When the home was in escrow to be sold, McGinty died.  His cousin, Jeanne Haworth, became the successor trustee.  When she discovered that the deed to the family home showed Bouzaglou as the owner, she contacted attorney Joseph Girard, who immediately stopped the sale and filed a lawsuit against Bouzaglou.

The verdict was affirmed by the Judge Stephen Czuleger, on April 28, 2014, concluding an eight day trial, and the judge ordered the contract rescinded and the deed canceled, returning the home to Haworth, the special needs trustee for Kathleen. The jury and judge also agreed that the attorney, Andrew J. Stern, was professionally negligent and engaged in fraudulent conduct.The case is Haworth v. Bouzaglou, Case no. BC495095. Attorney Stern represented the defendant.

 

Settlement Roundup: Wrongful Death Lawsuit against Former Coach Settled for $900K

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Settlements reached in four lawsuits

Wrongful Death Lawsuit against NJ High School, Former Coach Settled for $900K

A settlement for $900,000 has been reached with the estate of a New Jersey teen who killed himself by jumping in front of a train just before he was to testify about alleged sexual misconduct by his former high school baseball coach.  The 18-year-old’s estate settled with “Coach Bart” Bartholomew McInerney, St. Rose High School in Belmar, NJ, and The Diocese of Trenton.

The coach is awaiting retrial on charges of child endangerment in Middlesex County, NJ after a 2010 conviction on 10 counts of child endangerment in Monmouth County, NJ was overturned.  McInerney is accused of encouraging his players to masturbate, send texts to him with details, and in some cases, videotape it.

 

Pennsylvania Resort Owner Reaches Partial Settlement in Wrongful Death Lawsuit for $200K

A Fayette County, PA judge has approved a partial settlement of $200,000 between the parents of a teen killed in a drunk-driving accident and the founder of a resort in Farmington.  Zack Nelson died five days after a car he was riding in crashed into a tree on the resort.  The teenage driver of the car had a blood alcohol content of 0.136 percent.

Resort founder Joseph Hardy and his daughter Paige were named in the lawsuit.  According to the lawsuit, Hardy knew his daughter hosted underage drinking parties, but didn’t do anything about them.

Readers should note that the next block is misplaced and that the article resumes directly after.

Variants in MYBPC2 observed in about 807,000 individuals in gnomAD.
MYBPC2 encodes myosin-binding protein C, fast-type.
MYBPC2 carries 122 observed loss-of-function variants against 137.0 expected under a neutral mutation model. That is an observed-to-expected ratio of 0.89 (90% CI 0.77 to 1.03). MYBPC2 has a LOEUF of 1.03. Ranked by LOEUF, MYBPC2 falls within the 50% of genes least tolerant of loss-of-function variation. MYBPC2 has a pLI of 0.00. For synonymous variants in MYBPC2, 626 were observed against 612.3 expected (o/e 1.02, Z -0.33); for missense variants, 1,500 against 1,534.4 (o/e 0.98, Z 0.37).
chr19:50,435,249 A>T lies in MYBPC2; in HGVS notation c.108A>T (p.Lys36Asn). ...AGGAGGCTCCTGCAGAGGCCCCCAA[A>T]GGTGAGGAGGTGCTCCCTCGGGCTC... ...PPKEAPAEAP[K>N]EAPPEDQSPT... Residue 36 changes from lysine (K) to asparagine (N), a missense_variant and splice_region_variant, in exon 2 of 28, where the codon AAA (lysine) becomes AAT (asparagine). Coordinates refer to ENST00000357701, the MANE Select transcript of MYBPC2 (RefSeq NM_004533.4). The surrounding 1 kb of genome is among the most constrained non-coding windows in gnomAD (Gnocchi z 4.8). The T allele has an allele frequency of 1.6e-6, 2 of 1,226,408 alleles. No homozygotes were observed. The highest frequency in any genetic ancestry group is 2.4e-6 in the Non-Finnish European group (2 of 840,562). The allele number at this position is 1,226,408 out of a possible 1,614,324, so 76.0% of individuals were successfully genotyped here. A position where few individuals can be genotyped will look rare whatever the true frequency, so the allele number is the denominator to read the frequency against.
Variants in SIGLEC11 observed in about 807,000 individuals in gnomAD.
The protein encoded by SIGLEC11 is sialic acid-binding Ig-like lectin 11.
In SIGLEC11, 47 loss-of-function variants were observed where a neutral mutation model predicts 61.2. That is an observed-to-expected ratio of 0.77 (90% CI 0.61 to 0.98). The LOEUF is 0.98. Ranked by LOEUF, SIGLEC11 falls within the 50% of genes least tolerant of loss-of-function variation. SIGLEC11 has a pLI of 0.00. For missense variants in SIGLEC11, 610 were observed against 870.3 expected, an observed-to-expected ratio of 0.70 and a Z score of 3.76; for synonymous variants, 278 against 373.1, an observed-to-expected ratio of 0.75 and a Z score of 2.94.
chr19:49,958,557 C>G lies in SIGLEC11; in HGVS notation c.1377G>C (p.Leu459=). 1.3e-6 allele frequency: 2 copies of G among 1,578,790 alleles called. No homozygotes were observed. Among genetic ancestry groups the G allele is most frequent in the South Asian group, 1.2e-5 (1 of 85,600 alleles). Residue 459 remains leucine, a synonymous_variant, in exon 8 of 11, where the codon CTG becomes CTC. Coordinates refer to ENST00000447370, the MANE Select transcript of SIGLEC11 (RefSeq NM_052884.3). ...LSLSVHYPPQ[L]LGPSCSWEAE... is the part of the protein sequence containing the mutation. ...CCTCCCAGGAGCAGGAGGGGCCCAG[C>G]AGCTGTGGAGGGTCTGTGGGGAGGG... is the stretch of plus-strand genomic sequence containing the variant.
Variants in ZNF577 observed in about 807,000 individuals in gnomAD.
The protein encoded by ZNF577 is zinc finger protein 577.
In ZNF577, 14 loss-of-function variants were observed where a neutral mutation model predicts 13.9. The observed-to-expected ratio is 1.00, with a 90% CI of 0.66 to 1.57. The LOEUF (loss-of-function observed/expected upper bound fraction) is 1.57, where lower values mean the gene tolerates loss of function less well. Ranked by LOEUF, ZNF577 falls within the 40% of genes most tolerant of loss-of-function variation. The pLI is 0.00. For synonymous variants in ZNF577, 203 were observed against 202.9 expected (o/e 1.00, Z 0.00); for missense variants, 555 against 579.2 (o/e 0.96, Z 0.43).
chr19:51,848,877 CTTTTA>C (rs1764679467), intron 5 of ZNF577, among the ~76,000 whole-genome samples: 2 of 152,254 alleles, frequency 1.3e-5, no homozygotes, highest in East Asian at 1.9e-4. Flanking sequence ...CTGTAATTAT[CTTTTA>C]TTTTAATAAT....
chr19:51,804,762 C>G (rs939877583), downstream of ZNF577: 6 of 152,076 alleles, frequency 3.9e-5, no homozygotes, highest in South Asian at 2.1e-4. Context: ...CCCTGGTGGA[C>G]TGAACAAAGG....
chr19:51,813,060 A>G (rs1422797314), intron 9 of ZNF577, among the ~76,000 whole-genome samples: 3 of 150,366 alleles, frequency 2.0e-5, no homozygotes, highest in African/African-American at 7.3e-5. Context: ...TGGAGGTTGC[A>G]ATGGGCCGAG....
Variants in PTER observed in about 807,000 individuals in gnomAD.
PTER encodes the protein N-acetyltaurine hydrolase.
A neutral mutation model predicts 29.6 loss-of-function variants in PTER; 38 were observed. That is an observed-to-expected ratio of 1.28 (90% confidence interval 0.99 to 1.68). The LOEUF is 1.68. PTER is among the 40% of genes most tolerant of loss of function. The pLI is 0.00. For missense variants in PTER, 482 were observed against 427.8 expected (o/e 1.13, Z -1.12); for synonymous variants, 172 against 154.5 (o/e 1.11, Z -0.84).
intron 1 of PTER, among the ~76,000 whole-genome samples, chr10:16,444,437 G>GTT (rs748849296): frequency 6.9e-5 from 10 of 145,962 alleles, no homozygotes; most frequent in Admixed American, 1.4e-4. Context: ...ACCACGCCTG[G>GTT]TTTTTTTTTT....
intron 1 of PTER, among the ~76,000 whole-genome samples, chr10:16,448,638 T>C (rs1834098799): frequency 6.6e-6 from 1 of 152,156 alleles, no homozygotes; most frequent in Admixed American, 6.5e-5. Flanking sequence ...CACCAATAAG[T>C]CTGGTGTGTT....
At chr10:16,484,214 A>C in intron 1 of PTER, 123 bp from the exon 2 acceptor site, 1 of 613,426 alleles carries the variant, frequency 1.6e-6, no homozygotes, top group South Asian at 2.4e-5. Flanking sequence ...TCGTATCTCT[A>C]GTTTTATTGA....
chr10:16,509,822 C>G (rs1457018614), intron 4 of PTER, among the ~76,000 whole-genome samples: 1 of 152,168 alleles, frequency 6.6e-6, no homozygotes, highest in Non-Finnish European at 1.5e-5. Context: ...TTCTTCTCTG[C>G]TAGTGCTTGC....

Undisclosed Settlement Reached in Wrongful Death of Virginia Woman Who Choked to Death in Jail

A settlement was reached this week in the wrongful death lawsuit of a Virginia woman who choked to death on her plastic jail ID bracelet.  Jacquelynn Schwartz, 31, was found dead in her cell in the Virginia Beach Correctional Facility where she was being held on contempt charges after having a blood alcohol level of 0.21 during a court appearance for a driving offense.

The late woman’s husband, David LaClair, filed the lawsuit against Conmed, a privately-owned medical company used by the jail.  Three of Conmed’s nurses were also named in the lawsuit for failing to take Schwartz’s vital signs or reviewing her intake forms which might have alerted them to Schwartz’s condition.  An autopsy revealed Schwartz was likely suffering from “alcohol withdrawal with seizures and delirium,” and ruled Schwartz’s death accidental.

 

$625K Settlement Reached for Rhode Island Woman Injured in Wreck

A Rhode Island attorney has reached a $625,000 settlement for his unidentified client after she was injured in a wreck in January 2013.  Her car was struck by another vehicle traveling at an estimated 60 mph that had run through a red light.

The plaintiff, a West Warwick, RI resident, suffered multiple fractures, bruises and lacerations, and was hospitalized for two weeks.  Emergency responders worked for more than an hour using the “Jaws of Life” to extract the woman from her vehicle.  She was then airlifted to the trauma center at Rhode Island Hospital.

Louisiana Appeals Court Adds $2.4M Award to Victim of Underage Drinking Crash

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Louisiana appeals court adds $2.4M to amount awarded to underage drunk driving victim